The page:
Richmond Dispatch,June 4, 1864

Saturday Morning June 4, 1864

The Progress of the Campaign

The roar of artillery is still ringing in our ears as we sit down to record the tremendous slaughter that has ever taken place on this continent -- a slaughter as far exceeding that of Thursday the 12th, as the slaughter of Thursday the 12th surpassed every other field of carnage.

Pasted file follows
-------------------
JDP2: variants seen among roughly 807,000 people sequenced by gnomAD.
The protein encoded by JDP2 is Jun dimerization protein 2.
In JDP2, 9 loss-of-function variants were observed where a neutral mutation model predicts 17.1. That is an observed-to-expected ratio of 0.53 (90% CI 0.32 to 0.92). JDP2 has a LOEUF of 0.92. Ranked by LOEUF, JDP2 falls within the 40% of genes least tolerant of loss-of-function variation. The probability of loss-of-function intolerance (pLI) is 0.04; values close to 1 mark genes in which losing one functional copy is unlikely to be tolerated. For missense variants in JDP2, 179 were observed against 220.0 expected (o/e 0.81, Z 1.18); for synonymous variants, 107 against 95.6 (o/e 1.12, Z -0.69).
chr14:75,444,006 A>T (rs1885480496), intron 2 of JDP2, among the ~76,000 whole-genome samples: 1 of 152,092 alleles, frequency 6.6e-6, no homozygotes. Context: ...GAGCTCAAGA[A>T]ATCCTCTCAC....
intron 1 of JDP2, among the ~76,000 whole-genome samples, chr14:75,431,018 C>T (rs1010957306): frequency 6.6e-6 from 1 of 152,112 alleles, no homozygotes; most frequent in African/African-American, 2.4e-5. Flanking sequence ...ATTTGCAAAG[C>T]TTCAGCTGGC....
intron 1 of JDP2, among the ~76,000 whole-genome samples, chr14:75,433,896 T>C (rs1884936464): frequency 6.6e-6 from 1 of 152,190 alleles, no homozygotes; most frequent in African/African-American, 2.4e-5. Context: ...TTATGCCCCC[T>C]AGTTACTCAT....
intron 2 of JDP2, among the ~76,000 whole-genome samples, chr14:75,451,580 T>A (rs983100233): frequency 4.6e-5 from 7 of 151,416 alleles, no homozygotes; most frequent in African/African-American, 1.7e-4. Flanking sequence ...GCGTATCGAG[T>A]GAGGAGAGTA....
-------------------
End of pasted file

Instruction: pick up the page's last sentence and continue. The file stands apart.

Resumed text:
The battle commenced yesterday morning for the possession of the Grape Vine, or, as it is sometimes called McClellan's, bridge over the Chickahominy. it is the same by which McClellan withdrew his troops when they were defeated in the double battle of Cold Harbor and Gaines' Mill. Had Grant succeeded in obtaining possession of this bridge he might have passed the Chickahominy and established himself in McClellan's old fastness of this side. It was the object of General Lee to prevent him, and accordingly took possession and fortified the position formerly held by McClellan. The ground on which the battle was fought was the same with that on which the battle of '62 was fought. But the positions were reversed, we holding McClellan's and Grant holding Lee's. According to the accounts of prisoners Grant on the night of Thursday caused a quart of whisky to be distributed to each of the soldiers, and about four o'clock yesterday morning, having primed them well for the work, commenced an assault upon our works. repulsed again and again, with unprecedented slaughter, he constantly renewed the attack with fresh troops, sending his men up in columns ten deep, and, in great part, so drunk that they knew not what they were about, and pressed on with the most reckless audacity. Nothing could exceed the coolness with which they were received by our troops, who, standing behind their breastworks and suffering but little, shot them down by thousands, with as much deliberation as though they were firing at so many marks. At one o'clock the action ceased along the whole line, our troops having repulsed the enemy, who left several thousand behind him, dead or wounded, on the field. Gen. lee afterwards rode over to the field, and declared that the slaughter far exceeded that of the 12th of May. Many of the Yankees were so drunk that they tumbled over our breastworks, and were either killed or made prisoners; others after firing their guns could not reload them. In a word, the drama of the 12th of May was repeated to the letter. our lines were considerably advanced in consequence of our success yesterday. Doubtless the enemy will seek to drive us back, and that another general battle may ensue. We have not heard how many prisoners and guns were taken. In a battle of this sort, where it is the object of .... to be denied? his appearance at the ... of the troops in a charge or his unnecesary exposure at any time, can effect no position good, while it might result in irretrievable... Instead of stimulating the men ...